One of the animal narrators in Ceridwen Dovey’s Only the Animals, a dolphin named Sprout who is writing to Sylvia Plath, quotes Nobel Prize-winner Elias Canetti: ‘whenever you observe an animal closely, you feel as if a human being sitting inside were making fun of you.’ The ten animal souls whose thematically interwoven stories Dovey recounts do not simply ‘make fun’ of humans (far from it), but Canetti’s image of the ‘human sitting inside’ nevertheless provides an apposite introduction to Dovey’s project as a whole. Here each animal protagonist is an unashamedly literary, anthropomorphised invention, with physical and behavioural characteristics of its species grafted on in service to its creator’s startlingly original and imaginative design.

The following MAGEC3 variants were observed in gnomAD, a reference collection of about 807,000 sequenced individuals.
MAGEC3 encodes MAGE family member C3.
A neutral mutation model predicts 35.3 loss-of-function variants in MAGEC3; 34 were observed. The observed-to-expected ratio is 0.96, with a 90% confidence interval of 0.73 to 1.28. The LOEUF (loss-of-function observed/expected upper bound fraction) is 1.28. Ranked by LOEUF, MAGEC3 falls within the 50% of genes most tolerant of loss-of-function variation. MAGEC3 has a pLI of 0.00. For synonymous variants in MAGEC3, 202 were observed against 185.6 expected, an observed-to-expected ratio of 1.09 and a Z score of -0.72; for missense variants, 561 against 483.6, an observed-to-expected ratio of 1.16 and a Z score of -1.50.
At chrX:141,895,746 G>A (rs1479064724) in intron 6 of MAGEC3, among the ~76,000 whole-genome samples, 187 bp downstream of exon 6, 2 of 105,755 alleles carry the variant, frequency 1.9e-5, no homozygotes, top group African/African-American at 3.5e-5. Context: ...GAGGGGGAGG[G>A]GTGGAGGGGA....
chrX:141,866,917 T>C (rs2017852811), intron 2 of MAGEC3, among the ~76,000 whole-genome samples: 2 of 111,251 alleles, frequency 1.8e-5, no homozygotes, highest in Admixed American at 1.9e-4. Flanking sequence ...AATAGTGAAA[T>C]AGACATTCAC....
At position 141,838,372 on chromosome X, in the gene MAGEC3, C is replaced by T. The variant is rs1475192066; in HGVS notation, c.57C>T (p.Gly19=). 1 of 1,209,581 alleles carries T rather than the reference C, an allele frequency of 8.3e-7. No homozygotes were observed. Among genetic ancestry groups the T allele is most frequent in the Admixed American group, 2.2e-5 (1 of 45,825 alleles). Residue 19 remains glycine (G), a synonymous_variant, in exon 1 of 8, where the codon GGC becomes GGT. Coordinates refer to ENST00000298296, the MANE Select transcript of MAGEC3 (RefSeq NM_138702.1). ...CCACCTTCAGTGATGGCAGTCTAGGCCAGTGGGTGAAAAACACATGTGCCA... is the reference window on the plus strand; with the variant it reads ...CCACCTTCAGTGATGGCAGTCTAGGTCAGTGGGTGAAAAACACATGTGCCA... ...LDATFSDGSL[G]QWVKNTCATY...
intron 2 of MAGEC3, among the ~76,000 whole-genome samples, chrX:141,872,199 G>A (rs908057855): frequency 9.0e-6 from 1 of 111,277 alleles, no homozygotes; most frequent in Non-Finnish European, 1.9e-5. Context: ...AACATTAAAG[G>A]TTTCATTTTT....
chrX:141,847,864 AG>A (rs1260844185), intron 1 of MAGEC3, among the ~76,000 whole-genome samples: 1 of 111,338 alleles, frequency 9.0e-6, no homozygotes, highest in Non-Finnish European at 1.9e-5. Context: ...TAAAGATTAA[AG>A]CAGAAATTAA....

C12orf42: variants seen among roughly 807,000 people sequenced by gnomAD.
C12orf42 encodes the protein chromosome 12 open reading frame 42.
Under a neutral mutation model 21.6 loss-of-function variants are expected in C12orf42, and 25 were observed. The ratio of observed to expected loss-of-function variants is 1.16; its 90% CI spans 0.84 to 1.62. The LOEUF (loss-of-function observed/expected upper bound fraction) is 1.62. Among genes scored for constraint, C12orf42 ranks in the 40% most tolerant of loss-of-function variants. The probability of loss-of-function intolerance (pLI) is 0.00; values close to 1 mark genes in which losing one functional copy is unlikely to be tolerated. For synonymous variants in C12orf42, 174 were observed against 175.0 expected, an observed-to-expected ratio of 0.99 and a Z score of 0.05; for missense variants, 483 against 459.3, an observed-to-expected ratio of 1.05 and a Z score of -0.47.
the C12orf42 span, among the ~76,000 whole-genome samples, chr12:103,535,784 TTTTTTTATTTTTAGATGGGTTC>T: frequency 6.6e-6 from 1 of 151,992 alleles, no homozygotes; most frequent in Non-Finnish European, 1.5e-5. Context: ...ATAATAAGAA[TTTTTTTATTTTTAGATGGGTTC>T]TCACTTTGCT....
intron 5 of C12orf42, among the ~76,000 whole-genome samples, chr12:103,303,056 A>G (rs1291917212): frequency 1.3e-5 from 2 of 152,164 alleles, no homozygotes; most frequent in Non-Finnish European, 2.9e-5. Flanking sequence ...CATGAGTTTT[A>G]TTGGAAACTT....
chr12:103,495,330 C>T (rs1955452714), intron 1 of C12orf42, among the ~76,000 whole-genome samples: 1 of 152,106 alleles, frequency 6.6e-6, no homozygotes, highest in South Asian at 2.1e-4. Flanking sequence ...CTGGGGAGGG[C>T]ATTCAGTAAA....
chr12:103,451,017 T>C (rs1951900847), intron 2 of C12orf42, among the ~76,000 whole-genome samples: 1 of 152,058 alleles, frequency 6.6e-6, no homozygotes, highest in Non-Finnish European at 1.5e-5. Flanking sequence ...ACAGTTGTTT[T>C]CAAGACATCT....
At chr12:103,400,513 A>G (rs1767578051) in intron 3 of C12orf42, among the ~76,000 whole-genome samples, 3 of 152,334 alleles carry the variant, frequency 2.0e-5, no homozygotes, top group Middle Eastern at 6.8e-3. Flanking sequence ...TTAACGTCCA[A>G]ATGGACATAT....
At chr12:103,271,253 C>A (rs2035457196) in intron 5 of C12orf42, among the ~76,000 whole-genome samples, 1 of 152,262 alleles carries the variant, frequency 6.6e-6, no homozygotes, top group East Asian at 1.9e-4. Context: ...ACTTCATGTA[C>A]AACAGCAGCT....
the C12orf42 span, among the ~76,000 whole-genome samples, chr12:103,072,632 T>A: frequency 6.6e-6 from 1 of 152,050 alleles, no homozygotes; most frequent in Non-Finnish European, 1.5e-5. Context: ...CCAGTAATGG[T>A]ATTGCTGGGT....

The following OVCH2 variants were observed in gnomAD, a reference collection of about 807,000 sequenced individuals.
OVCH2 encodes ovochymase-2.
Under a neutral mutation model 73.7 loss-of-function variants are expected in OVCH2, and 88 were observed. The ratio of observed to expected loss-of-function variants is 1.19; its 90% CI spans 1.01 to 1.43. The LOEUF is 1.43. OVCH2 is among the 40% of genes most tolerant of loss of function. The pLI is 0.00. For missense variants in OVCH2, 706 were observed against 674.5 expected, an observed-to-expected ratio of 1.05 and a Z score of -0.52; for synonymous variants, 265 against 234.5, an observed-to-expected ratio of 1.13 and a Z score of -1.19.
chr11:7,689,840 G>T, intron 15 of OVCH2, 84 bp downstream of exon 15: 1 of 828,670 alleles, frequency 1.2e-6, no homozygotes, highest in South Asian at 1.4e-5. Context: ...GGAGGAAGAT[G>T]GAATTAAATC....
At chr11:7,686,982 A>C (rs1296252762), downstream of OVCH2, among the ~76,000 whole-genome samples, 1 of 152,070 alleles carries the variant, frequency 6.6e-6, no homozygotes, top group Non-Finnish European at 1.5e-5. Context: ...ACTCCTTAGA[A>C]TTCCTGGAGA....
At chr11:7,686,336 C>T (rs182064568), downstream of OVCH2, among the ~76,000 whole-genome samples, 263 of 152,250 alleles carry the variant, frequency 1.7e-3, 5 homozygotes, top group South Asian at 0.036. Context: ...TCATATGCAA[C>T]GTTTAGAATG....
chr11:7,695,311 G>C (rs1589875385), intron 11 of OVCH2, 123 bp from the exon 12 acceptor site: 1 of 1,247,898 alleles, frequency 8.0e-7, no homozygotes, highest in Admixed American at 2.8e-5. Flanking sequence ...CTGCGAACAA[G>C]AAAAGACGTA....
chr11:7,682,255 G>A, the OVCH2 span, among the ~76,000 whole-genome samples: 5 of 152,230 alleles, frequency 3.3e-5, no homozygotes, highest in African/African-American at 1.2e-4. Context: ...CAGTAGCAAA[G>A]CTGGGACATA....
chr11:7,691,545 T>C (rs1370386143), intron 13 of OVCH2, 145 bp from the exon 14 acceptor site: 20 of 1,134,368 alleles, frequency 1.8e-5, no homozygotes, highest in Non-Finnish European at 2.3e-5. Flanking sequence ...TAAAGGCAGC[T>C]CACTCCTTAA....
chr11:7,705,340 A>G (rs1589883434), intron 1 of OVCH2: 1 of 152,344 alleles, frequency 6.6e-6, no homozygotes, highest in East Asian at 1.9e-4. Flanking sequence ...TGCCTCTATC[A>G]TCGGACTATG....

Only the Animals
by Ceridwen Dovey
Hamish Hamilton, $29.99 pb, 266 pp, 9781926428581
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